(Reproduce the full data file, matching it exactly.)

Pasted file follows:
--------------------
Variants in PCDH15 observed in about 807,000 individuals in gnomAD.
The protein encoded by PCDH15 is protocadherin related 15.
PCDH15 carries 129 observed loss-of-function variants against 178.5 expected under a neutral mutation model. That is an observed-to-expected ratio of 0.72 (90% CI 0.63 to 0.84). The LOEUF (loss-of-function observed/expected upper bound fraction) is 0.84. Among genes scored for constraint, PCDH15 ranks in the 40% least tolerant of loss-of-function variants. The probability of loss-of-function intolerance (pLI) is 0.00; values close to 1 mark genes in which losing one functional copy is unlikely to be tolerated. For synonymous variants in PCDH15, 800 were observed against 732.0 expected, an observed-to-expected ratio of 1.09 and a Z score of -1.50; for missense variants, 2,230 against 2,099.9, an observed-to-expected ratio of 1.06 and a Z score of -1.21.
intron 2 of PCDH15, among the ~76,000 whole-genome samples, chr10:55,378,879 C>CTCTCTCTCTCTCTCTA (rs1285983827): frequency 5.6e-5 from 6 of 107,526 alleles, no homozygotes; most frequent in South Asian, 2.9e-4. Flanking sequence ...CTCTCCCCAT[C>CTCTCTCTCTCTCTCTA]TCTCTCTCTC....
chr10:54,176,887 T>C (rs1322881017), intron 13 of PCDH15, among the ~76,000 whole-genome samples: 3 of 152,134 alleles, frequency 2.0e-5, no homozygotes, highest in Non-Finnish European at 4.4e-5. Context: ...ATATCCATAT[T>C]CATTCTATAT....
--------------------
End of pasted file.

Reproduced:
Variants in PCDH15 observed in about 807,000 individuals in gnomAD.
The protein encoded by PCDH15 is protocadherin related 15.
PCDH15 carries 129 observed loss-of-function variants against 178.5 expected under a neutral mutation model. That is an observed-to-expected ratio of 0.72 (90% CI 0.63 to 0.84). The LOEUF (loss-of-function observed/expected upper bound fraction) is 0.84. Among genes scored for constraint, PCDH15 ranks in the 40% least tolerant of loss-of-function variants. The probability of loss-of-function intolerance (pLI) is 0.00; values close to 1 mark genes in which losing one functional copy is unlikely to be tolerated. For synonymous variants in PCDH15, 800 were observed against 732.0 expected, an observed-to-expected ratio of 1.09 and a Z score of -1.50; for missense variants, 2,230 against 2,099.9, an observed-to-expected ratio of 1.06 and a Z score of -1.21.
intron 2 of PCDH15, among the ~76,000 whole-genome samples, chr10:55,378,879 C>CTCTCTCTCTCTCTCTA (rs1285983827): frequency 5.6e-5 from 6 of 107,526 alleles, no homozygotes; most frequent in South Asian, 2.9e-4. Flanking sequence ...CTCTCCCCAT[C>CTCTCTCTCTCTCTCTA]TCTCTCTCTC....
chr10:54,176,887 T>C (rs1322881017), intron 13 of PCDH15, among the ~76,000 whole-genome samples: 3 of 152,134 alleles, frequency 2.0e-5, no homozygotes, highest in Non-Finnish European at 4.4e-5. Context: ...ATATCCATAT[T>C]CATTCTATAT....